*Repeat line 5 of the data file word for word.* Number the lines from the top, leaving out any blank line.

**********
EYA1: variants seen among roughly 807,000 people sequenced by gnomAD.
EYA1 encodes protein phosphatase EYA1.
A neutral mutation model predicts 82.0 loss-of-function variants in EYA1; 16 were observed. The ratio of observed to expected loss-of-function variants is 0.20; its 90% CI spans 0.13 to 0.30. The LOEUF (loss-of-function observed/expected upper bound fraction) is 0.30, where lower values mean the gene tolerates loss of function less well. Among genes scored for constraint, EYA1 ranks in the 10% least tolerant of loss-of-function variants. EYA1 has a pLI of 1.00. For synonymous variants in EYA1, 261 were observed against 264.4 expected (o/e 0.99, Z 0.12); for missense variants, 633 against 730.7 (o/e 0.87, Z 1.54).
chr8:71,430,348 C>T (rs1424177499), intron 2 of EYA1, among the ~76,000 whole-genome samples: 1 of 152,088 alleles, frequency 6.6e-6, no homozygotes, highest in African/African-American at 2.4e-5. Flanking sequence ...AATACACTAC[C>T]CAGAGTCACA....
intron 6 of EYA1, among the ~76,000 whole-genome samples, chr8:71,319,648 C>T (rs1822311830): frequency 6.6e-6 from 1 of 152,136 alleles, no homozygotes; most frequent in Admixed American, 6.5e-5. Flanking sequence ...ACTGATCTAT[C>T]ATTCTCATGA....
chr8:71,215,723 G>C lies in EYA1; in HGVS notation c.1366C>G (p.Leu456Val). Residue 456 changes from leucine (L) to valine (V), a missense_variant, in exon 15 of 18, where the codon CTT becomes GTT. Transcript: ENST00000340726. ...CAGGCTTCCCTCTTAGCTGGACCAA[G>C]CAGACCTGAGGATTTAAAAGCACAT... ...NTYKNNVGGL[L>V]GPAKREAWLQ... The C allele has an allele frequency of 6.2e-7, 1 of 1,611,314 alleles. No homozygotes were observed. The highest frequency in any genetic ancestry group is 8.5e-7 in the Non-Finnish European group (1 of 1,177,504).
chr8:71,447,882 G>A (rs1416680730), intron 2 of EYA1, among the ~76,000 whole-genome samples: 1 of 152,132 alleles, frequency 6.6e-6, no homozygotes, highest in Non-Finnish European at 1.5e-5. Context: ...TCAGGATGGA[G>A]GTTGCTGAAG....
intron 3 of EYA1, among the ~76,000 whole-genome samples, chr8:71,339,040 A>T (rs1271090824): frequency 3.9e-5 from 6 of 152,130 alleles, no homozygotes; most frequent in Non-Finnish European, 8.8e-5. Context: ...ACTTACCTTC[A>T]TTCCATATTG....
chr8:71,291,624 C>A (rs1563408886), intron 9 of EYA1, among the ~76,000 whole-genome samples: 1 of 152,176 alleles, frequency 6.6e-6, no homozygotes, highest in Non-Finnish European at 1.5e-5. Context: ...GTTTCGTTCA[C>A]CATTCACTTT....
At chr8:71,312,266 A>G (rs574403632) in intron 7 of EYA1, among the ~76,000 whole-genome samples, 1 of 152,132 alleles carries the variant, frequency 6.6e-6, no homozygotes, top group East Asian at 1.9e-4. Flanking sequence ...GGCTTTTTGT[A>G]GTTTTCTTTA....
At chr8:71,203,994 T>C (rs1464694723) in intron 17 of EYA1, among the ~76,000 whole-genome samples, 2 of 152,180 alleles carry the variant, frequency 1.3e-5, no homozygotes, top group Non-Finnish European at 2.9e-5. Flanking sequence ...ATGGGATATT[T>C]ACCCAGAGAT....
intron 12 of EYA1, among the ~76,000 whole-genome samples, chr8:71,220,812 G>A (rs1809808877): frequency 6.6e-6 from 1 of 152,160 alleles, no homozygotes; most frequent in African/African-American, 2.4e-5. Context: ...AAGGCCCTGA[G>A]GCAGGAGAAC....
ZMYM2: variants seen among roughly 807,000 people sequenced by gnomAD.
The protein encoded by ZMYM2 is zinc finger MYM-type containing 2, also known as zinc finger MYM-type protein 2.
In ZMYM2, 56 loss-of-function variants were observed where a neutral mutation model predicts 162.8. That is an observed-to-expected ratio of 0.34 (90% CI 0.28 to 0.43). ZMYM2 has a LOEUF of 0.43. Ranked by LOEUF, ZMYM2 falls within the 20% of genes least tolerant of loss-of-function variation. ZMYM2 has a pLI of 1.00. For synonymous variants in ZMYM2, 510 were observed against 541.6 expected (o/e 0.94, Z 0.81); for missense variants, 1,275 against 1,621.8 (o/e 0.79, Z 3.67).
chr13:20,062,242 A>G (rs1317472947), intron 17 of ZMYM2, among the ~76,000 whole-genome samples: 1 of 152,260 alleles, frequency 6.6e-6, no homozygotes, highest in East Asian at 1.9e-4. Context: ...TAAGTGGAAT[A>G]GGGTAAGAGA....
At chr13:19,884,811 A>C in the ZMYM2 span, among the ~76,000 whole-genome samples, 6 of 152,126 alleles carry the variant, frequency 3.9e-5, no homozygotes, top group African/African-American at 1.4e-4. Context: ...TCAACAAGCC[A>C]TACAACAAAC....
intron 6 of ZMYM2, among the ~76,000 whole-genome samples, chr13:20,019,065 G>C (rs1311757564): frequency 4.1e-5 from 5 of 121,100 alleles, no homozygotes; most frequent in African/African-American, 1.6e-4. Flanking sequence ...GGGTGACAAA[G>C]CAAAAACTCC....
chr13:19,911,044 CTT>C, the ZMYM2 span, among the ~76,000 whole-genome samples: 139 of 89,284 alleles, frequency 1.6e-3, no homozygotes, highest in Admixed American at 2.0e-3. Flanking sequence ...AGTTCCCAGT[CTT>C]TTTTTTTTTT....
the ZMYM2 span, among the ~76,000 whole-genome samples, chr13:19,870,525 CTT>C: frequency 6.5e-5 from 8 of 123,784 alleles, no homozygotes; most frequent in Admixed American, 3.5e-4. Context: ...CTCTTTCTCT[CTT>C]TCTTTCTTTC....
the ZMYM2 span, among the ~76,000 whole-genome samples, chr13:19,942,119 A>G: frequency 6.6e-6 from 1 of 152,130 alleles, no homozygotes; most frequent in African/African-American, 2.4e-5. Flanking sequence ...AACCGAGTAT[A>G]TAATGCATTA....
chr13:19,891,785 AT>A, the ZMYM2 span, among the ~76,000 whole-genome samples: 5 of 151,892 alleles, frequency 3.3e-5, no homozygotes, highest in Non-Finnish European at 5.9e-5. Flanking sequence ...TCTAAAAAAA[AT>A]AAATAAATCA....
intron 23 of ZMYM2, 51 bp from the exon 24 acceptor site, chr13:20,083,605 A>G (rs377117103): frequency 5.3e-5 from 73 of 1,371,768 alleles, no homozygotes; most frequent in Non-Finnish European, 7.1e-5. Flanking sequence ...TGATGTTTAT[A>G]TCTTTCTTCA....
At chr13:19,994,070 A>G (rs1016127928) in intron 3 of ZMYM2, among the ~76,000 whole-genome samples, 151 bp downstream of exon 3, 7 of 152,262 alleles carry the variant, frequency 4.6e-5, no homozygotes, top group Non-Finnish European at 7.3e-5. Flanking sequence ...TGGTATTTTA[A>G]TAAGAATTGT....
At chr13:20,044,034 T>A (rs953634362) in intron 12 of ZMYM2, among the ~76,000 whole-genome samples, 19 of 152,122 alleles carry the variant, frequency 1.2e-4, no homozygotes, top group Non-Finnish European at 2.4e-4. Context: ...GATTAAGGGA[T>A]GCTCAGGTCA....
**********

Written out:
intron 6 of EYA1, among the ~76,000 whole-genome samples, chr8:71,319,648 C>T (rs1822311830): frequency 6.6e-6 from 1 of 152,136 alleles, no homozygotes; most frequent in Admixed American, 6.5e-5. Flanking sequence ...ACTGATCTAT[C>T]ATTCTCATGA....